15 months after being accused by patient of Sexual assault, Indian origin GP exonerated in UK
London: An Indian-origin general practitioner has spoken out about the toll a jail sentence for sexual assault has taken on his life after he was exonerated of the charge following a Court of Appeal hearing in the UK.
Rajeshkumar Mehta was found guilty at a Birmingham Crown Court trial in April last year and jailed for 15 months.
The 65-year-old, who worked as a general practitioner (GP) in Birmingham before being accused by a patient of sexual assault, had the conviction quashed last week, with a full written judgement set to be handed down.
After my conviction, I lost everything. I lost my career after nearly 40 years of NHS [National Health Service] service, Mehta said in a statement.
I lost my reputation after adverse media coverage, not only following the conviction, but also following the medical regulator's decision to strike me off the medical register, instead of waiting for the outcome of the ongoing appeal, he said.
Mehta was struck off Britain's General Medical Council register following a hearing by the Medical Practitioners Tribunal Service. It was claimed that during an examination, the GP allegedly wrongly touched the female patient in question and asked her inappropriate questions about her sexual history.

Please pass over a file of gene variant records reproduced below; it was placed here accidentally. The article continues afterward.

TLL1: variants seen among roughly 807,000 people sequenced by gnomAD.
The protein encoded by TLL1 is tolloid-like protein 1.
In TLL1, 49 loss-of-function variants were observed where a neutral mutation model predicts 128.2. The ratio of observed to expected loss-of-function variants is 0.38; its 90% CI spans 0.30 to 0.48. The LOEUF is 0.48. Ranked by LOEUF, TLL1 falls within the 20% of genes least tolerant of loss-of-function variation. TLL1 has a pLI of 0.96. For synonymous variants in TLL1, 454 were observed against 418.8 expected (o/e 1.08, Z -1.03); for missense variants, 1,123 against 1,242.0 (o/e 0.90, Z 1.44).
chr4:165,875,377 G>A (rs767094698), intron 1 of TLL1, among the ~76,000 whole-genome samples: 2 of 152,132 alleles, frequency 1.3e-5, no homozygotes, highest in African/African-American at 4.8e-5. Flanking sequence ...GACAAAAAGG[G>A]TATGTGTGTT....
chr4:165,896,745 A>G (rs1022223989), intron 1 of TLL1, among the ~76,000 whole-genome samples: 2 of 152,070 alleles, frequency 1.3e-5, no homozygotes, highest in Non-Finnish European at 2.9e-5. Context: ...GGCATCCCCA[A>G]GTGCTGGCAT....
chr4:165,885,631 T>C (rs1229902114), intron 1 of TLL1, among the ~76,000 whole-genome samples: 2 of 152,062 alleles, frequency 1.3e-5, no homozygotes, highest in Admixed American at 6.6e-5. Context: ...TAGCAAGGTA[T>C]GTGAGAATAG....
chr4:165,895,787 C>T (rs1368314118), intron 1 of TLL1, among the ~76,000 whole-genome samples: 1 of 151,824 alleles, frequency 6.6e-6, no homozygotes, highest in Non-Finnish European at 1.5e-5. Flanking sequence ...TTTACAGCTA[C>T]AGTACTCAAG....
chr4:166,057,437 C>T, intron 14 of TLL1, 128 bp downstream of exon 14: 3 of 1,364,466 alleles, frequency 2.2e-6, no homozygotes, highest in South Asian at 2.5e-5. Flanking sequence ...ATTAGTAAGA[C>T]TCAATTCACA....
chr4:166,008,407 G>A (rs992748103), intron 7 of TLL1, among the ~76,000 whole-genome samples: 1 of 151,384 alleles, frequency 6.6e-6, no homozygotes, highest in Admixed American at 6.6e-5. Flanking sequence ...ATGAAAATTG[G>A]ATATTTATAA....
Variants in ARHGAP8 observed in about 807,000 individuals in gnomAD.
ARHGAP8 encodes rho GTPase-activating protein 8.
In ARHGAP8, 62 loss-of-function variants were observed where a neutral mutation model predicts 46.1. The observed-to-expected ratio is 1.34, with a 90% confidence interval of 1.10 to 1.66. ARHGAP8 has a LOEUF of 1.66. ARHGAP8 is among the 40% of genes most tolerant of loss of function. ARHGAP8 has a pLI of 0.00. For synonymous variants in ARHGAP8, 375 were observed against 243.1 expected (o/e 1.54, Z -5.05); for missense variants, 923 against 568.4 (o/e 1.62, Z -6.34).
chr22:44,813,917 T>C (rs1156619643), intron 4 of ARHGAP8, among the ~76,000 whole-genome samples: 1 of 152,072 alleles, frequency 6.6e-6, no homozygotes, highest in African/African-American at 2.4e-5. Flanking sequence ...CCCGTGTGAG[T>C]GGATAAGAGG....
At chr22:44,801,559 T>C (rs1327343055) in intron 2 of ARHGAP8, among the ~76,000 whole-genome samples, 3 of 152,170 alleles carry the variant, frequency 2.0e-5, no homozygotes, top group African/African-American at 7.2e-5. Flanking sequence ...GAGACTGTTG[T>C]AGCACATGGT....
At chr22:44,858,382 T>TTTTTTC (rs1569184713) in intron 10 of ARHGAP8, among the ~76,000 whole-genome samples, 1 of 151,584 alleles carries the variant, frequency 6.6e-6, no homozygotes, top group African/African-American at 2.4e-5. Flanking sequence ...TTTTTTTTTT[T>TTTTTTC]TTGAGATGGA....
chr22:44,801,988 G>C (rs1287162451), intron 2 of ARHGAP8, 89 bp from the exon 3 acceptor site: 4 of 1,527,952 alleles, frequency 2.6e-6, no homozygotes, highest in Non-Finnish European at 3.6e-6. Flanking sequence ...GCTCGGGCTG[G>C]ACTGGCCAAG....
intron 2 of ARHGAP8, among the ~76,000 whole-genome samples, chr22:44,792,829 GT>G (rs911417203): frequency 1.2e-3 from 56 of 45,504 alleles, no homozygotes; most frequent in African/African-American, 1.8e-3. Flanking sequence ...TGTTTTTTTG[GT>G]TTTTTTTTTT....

But last Friday, Mehta had his conviction quashed by the Court of Appeal after new evidence came to light showing the patient may have lied under oath.
The Crown Prosecution Service (CPS) and West Midlands Police have a lot to answer for; in my case, their disclosure failings contributed to a catastrophic outcome, and, whilst I have already served my sentence, I hope that my case will further highlight the need for them to perform their obligations properly, said Mehta, whose union hopes to have him reinstated on the medical register.
A CPS spokesperson said it was incorrect to claim that it failed in its disclosure obligations in the case.
The material that formed the basis of the grounds of appeal was not in the possession of the CPS at the time of the original trial, and the Court of Appeal did not suggest that the prosecution had failed in our duties of disclosure, the spokesperson said.